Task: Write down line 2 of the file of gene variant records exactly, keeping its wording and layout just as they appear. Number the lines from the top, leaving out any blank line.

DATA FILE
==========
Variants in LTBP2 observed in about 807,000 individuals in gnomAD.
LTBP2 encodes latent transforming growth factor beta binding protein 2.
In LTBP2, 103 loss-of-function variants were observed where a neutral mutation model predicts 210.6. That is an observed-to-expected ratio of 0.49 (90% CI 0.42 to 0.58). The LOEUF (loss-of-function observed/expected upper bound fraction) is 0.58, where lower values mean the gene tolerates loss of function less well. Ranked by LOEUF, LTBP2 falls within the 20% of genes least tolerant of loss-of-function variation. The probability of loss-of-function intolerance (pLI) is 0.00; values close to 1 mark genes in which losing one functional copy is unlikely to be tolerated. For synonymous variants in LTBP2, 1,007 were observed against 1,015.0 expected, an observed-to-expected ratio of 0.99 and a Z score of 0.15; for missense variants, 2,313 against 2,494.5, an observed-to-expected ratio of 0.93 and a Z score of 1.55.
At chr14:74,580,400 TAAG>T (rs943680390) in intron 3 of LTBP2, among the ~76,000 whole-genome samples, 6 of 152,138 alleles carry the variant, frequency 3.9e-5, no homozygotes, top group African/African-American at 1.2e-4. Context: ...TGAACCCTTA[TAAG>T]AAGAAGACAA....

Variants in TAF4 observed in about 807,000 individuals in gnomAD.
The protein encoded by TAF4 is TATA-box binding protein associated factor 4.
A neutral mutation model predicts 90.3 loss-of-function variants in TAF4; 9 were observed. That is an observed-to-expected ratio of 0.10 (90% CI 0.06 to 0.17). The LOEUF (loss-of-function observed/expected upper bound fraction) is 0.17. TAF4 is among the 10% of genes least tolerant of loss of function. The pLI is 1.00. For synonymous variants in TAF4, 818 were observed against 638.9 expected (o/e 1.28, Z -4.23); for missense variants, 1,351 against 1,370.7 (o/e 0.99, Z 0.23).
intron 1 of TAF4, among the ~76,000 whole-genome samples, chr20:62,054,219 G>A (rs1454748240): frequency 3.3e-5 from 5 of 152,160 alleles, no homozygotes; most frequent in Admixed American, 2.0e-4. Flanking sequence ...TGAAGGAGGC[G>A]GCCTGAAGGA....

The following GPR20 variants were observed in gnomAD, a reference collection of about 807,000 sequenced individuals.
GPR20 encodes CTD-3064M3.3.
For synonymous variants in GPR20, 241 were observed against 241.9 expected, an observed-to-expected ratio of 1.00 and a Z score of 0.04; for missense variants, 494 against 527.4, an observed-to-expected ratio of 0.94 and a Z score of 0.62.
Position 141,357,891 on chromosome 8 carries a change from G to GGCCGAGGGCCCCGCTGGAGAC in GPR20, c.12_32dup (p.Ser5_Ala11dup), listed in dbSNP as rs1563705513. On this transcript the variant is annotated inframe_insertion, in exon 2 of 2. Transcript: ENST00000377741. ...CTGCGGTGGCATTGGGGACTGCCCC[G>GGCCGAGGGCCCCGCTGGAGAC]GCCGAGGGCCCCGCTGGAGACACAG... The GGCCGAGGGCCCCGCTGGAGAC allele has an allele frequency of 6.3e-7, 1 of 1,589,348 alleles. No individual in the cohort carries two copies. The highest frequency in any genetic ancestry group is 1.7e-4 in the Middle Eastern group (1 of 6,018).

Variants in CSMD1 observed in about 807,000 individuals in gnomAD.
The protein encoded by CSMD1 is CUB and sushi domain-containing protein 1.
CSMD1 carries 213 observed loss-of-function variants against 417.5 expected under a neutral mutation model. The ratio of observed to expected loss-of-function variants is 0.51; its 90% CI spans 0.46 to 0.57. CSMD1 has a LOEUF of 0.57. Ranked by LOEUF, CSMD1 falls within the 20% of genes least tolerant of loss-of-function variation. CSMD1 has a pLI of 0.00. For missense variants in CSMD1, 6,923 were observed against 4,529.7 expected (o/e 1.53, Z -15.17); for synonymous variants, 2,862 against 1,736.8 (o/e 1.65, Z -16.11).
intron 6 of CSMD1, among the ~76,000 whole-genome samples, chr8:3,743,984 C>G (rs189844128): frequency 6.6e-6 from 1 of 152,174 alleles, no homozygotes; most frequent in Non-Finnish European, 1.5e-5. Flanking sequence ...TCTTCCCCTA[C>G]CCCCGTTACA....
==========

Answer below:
LTBP2 encodes latent transforming growth factor beta binding protein 2.